Senators question decisions in inspector general's probe

Senior members of the Senate Armed Services Committee yesterday criticized the Pentagon inspector-general’s investigation and report into the Air Force lease of midair refueling tankers from Boeing. Sen. Carl Levin (D-Mich.), the panel’s ranking member, accused the Defense Department’s inspector general, Joseph Schmitz, of failing to be thorough and independent.
Senior members of the Senate Armed Services Committee yesterday criticized the Pentagon inspector-general’s investigation and report into the Air Force lease of midair refueling tankers from Boeing.

Sen. Carl Levin (D-Mich.), the panel’s ranking member, accused the Defense Department’s inspector general, Joseph Schmitz, of failing to be thorough and independent.
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Sen. John McCain criticized the inspector general for not interviewing a key figure.


Sen. John McCain (R-Ariz.), who played a pivotal role in uncovering the corruption in the tanker deal, criticized the inspector general’s failure to include testimony from Edward “Pete” Aldridge, undersecretary of defense for acquisition, logistics and technology, about his role in the tanker negotiations.

Despite their criticisms, the panel said they were generally pleased with the report’s findings and recommendations.

The investigators analyzed e-mails, memos and prior reviews of the KC-767 tanker program and interviewed 88 Pentagon and Air Force staff members to determine who was to blame for the debacle.

In the 256-page report, the finger is consistently pointed at Aldridge. “Don’t you think it is important to have his testimony?” McCain asked Schmitz at one point.

Other people cited by the report include Michael Wynne, acting undersecretary of defense for acquisition, technology and logistics; James Roche, the secretary of the Air Force; Marvin Sambur, assistant secretary of the Air Force; Darleen Druyun, principal deputy assistant secretary of the Air Force.

Schmitz said his office tried repeatedly to contact Aldridge by registered mail, left voice messages and attempted to obtain other phone numbers to reach him. “I think you can get a hold of him,” since Aldridge now sits on the board of Lockheed Martin, “a major defense contractor,” McCain retorted, adding, “I’d like to know what pressures Aldridge felt to sign the contract.”

He suggested Aldridge be subpoenaed to testify before the panel, but Warner said he should first be given the opportunity to appear voluntarily.

“We were able to tell the story without Secretary Aldridge’s testimony,” Schmitz said. The inspector general’s office does not exercise its subpoena power in civil matters, he explained.

McCain, chairman of the Armed Services Airland Subcommittee, was the driving force behind a successful effort to thwart Boeing’s deal to lease a new fleet of aerial tankers to the Air Force. The deal has been found to be riddled with corruption. Yesterday’s hearing came after three years of investigations prompted by the committee.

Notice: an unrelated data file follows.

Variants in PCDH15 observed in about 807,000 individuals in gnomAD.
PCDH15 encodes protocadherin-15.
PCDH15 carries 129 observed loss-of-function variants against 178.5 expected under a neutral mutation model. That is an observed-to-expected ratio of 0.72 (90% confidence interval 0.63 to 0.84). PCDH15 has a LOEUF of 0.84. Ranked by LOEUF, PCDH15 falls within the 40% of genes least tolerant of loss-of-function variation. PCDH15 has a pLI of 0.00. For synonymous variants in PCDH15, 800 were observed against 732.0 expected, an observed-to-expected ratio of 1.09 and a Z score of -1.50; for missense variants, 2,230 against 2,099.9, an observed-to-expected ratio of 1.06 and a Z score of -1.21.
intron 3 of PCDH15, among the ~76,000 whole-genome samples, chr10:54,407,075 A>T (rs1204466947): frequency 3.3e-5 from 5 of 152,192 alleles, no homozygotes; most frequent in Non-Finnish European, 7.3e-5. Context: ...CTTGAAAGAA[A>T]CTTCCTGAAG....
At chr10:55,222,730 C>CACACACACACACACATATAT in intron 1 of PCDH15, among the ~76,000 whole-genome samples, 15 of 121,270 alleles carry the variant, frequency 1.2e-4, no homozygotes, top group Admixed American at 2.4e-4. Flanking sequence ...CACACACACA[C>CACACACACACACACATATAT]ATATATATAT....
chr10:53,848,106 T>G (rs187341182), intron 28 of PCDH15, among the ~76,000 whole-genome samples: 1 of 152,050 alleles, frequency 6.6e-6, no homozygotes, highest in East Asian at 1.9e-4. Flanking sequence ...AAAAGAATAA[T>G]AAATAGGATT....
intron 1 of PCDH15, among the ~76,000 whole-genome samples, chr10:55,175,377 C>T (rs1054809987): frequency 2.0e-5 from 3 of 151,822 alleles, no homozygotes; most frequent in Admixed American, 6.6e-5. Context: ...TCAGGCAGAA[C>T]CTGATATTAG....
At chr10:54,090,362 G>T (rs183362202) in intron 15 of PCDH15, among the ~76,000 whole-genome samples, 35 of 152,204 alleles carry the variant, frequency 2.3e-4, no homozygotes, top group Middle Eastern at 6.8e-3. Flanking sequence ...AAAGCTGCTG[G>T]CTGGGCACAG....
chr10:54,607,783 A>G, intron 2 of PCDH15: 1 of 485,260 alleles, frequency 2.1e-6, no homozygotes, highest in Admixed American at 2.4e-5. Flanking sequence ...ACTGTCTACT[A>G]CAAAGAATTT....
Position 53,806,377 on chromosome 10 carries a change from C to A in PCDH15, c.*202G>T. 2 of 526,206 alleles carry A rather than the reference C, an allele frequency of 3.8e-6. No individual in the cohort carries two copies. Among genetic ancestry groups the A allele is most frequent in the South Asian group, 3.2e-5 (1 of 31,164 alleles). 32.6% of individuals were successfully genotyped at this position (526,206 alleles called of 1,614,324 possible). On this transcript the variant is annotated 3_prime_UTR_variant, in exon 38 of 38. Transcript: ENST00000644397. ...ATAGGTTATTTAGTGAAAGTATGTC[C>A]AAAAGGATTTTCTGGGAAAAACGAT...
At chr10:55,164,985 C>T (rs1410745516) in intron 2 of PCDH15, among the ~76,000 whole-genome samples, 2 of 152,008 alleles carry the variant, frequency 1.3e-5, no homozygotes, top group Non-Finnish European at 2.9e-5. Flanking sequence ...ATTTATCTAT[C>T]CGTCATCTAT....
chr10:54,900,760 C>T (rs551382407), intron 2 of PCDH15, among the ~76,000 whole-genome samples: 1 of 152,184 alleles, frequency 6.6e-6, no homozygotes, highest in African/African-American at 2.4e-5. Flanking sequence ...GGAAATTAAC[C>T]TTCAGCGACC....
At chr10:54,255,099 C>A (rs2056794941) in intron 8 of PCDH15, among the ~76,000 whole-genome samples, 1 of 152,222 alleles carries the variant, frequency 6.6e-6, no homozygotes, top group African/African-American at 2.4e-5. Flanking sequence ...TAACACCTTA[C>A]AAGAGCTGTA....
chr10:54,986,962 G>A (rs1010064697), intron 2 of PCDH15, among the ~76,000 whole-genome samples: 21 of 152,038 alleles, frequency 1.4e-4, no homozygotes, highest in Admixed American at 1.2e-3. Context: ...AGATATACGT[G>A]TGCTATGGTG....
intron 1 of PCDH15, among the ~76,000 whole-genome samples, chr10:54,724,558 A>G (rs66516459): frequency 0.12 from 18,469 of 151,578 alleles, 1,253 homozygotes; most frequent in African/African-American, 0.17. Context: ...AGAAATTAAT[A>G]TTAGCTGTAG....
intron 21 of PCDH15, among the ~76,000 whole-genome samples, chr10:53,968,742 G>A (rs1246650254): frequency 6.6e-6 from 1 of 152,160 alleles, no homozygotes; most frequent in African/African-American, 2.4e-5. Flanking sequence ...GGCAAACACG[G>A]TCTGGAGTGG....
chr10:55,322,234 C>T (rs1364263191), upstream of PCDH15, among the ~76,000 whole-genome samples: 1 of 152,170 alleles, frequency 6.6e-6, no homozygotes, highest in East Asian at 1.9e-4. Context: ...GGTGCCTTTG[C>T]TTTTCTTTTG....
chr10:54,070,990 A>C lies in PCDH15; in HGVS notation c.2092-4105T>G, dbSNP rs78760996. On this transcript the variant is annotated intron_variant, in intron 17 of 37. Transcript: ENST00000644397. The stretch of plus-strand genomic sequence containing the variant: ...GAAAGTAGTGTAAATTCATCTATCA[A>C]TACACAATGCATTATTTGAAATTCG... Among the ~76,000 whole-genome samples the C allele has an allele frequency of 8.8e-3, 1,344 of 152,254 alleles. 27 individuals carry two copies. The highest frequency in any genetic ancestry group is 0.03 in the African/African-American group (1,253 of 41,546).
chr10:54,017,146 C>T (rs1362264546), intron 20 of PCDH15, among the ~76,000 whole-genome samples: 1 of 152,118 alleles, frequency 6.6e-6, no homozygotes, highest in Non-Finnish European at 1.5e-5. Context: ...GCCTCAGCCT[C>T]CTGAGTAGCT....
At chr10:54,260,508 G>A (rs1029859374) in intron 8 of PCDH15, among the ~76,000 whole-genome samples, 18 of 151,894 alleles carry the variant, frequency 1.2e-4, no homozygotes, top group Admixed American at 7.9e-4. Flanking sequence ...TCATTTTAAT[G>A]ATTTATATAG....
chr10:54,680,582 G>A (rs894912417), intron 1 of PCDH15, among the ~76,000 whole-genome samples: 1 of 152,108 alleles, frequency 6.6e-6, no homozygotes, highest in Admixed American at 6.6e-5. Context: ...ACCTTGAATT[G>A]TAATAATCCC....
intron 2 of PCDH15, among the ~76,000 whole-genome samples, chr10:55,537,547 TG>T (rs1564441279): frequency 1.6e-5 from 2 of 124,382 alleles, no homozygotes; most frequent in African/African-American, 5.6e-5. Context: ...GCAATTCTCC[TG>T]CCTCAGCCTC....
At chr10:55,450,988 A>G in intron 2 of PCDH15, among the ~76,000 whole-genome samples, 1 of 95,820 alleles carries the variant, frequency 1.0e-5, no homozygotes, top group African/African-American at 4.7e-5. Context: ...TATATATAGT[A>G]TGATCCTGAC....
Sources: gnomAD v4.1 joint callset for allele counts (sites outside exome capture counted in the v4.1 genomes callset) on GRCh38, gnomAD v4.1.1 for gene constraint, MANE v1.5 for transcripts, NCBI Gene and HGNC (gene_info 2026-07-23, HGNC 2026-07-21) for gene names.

The inspector general’s report found that senior Air Force and Pentagon officials focused on justifying a deal with Boeing rather than being objective about it.

In the aftermath of the deal, Roche has resigned, Sambur has retired and two Boeing executives, Darlene Druyun and Michael Sears, have been sentenced to imprisonment.

Druyun accepted Boeing’s inflated lease prices while she was an Air Force acquisition official and then took a high-paying position at the company. Sears is due to serve four months for violating federal conflict-of-interest laws.

Schmitz said yesterday that there is still “at least one matter” that could lead to criminal investigations by the U.S. attorney general.

Wynne’s role also triggered a dispute between the panel and the inspector general. In a memo May 28, 2003, Wynne notified the office of management and budget of the secretary of defense’s decision to lease from Boeing. Wynne told the senators, “I was made to believe [by Aldridge] that the secretary of defense had made a decision.”

Schmitz told the panel that Wynne could have reversed the decision once he took Aldridge’s position, and Wynne added, “I stand willing to accept that I allowed the debate of the tanker to continue.”

The report is peppered with redactions. Several pages are blotted out almost entirely. Many of the redactions are of materials obtained from the White House in an agreement Warner and McCain reached with the executive branch.

Levin said redactions are made not only from White House material but also from e-mails between Pentagon officials, Roche’s letters, Boeing’s e-mails and even the report itself.

“If, in fact, you inquired about the role played by the secretary and deputy secretary of defense and senior White House officials in the tanker-lease program, that information is not reflected in the report,” Levin said.

A classified version of the report is available in a secure room in the Armed Services Committee, according to Warner, but he conceded that even that version has redactions. “We do not have any unredacted materials. Your judgment should be based on unredacted documents,” Levin told Schmitz